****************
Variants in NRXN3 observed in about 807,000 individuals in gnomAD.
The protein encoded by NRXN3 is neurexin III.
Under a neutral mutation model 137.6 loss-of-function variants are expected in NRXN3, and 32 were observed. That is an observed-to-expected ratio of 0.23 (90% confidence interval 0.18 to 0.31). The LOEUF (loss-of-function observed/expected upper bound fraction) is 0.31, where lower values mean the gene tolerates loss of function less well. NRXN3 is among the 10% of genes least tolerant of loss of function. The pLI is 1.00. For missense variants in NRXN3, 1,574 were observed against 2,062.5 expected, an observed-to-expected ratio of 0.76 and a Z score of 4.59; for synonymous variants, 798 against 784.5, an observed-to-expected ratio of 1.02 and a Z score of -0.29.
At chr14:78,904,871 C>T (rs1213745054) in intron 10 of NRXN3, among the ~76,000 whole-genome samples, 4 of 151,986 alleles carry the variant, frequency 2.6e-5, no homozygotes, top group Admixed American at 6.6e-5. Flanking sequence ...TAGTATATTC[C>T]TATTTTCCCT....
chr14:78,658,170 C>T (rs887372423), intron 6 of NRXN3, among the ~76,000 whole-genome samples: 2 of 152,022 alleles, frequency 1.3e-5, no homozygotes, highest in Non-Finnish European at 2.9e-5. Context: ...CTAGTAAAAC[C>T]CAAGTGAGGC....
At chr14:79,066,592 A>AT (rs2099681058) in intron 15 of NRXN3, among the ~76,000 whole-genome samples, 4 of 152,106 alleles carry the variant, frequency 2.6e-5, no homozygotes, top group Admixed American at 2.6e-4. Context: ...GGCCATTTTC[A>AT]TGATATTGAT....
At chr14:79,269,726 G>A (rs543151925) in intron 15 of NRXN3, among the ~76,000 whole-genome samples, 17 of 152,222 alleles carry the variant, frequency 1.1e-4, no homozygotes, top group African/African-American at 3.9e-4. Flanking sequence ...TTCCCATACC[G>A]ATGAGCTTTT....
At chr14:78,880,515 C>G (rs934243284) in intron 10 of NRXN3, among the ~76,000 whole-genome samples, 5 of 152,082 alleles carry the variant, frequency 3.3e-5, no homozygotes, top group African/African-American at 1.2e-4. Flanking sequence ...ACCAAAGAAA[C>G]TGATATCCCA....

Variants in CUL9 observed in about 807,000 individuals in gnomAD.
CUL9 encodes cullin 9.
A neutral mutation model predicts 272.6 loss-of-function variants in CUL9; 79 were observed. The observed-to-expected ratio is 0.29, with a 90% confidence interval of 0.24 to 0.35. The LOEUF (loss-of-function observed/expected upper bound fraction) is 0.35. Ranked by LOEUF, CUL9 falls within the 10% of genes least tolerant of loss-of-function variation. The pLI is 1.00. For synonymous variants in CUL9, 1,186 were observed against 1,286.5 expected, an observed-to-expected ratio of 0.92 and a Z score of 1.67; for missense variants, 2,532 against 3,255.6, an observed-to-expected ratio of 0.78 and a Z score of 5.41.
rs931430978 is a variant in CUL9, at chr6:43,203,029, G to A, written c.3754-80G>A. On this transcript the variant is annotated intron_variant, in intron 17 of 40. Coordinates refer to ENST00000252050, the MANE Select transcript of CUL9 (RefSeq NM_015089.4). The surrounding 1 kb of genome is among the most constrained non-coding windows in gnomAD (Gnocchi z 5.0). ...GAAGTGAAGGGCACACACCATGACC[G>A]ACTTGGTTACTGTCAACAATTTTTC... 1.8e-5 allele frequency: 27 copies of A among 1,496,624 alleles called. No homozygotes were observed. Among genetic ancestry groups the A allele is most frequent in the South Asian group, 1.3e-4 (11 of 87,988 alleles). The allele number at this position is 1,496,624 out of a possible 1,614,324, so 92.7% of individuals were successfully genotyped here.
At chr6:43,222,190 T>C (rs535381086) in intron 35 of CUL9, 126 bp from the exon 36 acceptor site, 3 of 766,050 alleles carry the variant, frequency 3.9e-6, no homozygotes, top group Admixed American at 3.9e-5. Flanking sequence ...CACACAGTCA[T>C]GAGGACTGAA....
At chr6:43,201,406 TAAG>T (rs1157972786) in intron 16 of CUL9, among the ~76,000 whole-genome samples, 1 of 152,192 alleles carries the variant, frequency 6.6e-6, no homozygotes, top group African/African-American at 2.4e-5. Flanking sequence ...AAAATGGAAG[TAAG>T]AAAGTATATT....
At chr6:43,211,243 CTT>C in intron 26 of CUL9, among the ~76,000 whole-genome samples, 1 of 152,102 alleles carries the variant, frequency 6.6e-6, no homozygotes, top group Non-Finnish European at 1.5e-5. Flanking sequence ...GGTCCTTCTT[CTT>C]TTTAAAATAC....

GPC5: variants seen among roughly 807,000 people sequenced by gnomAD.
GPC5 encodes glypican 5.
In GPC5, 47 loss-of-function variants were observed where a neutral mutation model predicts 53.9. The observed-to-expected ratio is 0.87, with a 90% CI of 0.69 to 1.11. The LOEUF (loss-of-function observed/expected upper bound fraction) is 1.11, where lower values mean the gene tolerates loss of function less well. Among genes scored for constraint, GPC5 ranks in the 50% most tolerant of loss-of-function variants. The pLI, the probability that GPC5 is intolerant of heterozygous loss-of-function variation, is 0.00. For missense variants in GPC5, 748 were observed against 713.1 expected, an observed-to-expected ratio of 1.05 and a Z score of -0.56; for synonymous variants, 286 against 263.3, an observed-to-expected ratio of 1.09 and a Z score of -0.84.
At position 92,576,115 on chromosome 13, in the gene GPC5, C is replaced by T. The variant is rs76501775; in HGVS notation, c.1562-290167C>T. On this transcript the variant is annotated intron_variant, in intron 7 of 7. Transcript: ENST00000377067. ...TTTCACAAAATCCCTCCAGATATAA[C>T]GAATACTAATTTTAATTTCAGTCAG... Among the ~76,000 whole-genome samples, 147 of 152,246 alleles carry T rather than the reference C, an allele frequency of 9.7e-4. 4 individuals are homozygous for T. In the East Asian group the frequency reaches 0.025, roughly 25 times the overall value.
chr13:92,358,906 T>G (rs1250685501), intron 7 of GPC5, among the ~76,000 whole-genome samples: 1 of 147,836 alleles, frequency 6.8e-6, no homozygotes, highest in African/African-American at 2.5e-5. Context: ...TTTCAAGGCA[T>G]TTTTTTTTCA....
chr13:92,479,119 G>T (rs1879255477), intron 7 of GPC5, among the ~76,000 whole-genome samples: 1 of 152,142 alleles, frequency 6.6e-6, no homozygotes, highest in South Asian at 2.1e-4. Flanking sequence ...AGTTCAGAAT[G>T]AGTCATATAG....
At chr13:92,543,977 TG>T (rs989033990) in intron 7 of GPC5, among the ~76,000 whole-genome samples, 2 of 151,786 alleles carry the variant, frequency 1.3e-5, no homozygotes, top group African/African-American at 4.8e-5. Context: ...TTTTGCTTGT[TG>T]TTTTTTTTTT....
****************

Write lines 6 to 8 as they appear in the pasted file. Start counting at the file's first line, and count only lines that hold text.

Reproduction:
At chr14:79,066,592 A>AT (rs2099681058) in intron 15 of NRXN3, among the ~76,000 whole-genome samples, 4 of 152,106 alleles carry the variant, frequency 2.6e-5, no homozygotes, top group Admixed American at 2.6e-4. Context: ...GGCCATTTTC[A>AT]TGATATTGAT....
At chr14:79,269,726 G>A (rs543151925) in intron 15 of NRXN3, among the ~76,000 whole-genome samples, 17 of 152,222 alleles carry the variant, frequency 1.1e-4, no homozygotes, top group African/African-American at 3.9e-4. Flanking sequence ...TTCCCATACC[G>A]ATGAGCTTTT....
At chr14:78,880,515 C>G (rs934243284) in intron 10 of NRXN3, among the ~76,000 whole-genome samples, 5 of 152,082 alleles carry the variant, frequency 3.3e-5, no homozygotes, top group African/African-American at 1.2e-4. Flanking sequence ...ACCAAAGAAA[C>G]TGATATCCCA....